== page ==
Billy’s Monologue

Before attending the UMF’s production of Cripple of Inishmaan, I was rather curious as to how Billy’s monologue was going to be staged. After all, the monologue makes a rather complex scene. Upon the first time reading the script, the reader often believes that perhaps Billy is nearing the end of his life, but after reaching the big reveal, the reader realizes this scene merely depicts Billy practicing some lines for a screen-test. In a way, this monologue pokes fun a melodrama as Billy himself comments on the absurdity of having to sing “Croppy Boy” for the scene. Knowing the script inside and out, the director then has to make the difficult decision of either having the scene be completely serious, or perhaps hint to the audience that what is happening may not be what it appears to be.

The UMF production went with the serious interpretation of the scene, which proved to be quite moving and powerful. This was one of two scenes where the audience did not applaud at the end. The audience was too moved to clap after such a serious and upsetting scene. Deciding to make Billy’s monologue appear authentic and not just reciting a script made Billy’s return much more exciting for the unsuspecting audience members. Several gasps of genuine surprise were to be heard when Billy was revealed behind the projection screen.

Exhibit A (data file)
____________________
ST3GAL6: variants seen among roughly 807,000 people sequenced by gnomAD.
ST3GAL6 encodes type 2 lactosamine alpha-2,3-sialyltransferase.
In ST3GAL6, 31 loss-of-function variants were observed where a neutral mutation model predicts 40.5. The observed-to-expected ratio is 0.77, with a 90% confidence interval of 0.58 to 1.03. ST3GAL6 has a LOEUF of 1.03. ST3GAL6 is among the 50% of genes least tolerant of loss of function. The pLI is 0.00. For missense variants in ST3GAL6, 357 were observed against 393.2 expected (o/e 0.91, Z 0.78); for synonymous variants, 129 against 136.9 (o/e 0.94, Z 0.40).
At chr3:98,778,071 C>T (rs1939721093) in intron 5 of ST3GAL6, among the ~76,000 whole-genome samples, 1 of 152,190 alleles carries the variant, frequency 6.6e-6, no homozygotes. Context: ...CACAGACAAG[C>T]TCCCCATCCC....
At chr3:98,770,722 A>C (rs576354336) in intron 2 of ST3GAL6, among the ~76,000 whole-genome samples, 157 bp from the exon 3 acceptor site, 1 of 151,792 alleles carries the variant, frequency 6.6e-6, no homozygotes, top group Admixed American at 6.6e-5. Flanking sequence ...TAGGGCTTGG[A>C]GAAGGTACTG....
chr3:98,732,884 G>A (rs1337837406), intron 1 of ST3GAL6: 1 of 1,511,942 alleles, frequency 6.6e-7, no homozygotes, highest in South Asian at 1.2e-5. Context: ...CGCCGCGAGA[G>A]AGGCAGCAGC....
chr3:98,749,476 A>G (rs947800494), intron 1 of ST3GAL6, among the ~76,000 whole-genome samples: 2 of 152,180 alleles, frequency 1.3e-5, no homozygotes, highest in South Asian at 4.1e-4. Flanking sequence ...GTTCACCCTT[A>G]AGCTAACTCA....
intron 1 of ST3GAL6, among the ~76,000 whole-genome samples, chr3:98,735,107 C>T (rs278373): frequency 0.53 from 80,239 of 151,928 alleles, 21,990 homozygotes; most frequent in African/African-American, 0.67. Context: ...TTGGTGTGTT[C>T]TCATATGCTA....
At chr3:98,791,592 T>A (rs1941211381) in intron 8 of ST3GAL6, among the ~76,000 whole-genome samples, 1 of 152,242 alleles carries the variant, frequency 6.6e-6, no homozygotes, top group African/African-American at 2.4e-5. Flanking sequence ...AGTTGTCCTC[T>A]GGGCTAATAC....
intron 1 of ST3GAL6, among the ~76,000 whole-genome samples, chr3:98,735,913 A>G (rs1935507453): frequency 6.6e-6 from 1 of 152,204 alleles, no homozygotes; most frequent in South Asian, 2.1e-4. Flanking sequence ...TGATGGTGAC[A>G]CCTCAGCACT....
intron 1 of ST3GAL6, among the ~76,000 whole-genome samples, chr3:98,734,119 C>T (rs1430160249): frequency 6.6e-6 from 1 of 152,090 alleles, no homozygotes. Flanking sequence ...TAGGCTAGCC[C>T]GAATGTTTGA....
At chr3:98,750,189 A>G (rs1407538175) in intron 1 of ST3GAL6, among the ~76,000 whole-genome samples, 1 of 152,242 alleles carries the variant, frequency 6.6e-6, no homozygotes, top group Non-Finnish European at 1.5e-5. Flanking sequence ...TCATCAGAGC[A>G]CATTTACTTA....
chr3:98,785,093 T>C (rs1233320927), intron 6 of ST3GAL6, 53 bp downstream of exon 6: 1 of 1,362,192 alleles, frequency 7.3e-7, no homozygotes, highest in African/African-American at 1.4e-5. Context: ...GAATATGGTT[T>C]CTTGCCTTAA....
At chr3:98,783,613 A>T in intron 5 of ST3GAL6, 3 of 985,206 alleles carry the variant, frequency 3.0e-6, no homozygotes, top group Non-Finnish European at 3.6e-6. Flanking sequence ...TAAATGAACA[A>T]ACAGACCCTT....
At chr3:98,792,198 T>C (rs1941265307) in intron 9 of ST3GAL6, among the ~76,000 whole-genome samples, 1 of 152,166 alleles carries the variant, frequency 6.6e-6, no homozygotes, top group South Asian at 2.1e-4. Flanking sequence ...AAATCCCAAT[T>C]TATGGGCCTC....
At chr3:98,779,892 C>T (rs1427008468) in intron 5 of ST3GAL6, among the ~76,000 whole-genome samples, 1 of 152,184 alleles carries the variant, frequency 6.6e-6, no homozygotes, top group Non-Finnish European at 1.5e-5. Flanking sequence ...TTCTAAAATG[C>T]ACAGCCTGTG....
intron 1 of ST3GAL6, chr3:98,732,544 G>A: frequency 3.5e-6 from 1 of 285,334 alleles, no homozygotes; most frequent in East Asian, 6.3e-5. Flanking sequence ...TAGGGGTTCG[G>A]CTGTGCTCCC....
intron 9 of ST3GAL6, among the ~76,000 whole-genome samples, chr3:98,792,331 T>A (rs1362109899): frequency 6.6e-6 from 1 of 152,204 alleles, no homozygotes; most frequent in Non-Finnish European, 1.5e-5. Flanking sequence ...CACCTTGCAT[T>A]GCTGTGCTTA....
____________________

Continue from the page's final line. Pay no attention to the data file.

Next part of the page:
The production’s actual set design of the monologue was also very interesting and powerful. The actor who portrayed Billy performed the monologue in a small space just above the actual stage. The physical separation of this space from the rest of the set shows Billy’s own distance from his home. The decor was much more scarce than in the script. There was really only a chair and a table compared to a whole hotel room’s worth of furniture. This small amount of furniture added a sort of starkness to the scene. The focus falls on Billy’s words and actions without the audience being overwhelmed by a whole new set of furniture and props.

Even though the monologue was very serious and powerful, there is one element in the set design that evokes the sense that not everything is as it seems. This element is how the small space has a sort of screen or glass wall. This glass wall, while meant for the safety of the actor, creates a separation between Billy and the audience. This separation, as well as the upward angle of the space, seems to mimic the sense of watching a film in a movie theatre. Even though this is very subtle, an audience member who may have some experience with the play might recognize from this staging that this monologue is not quite as it seems for a first time viewer.

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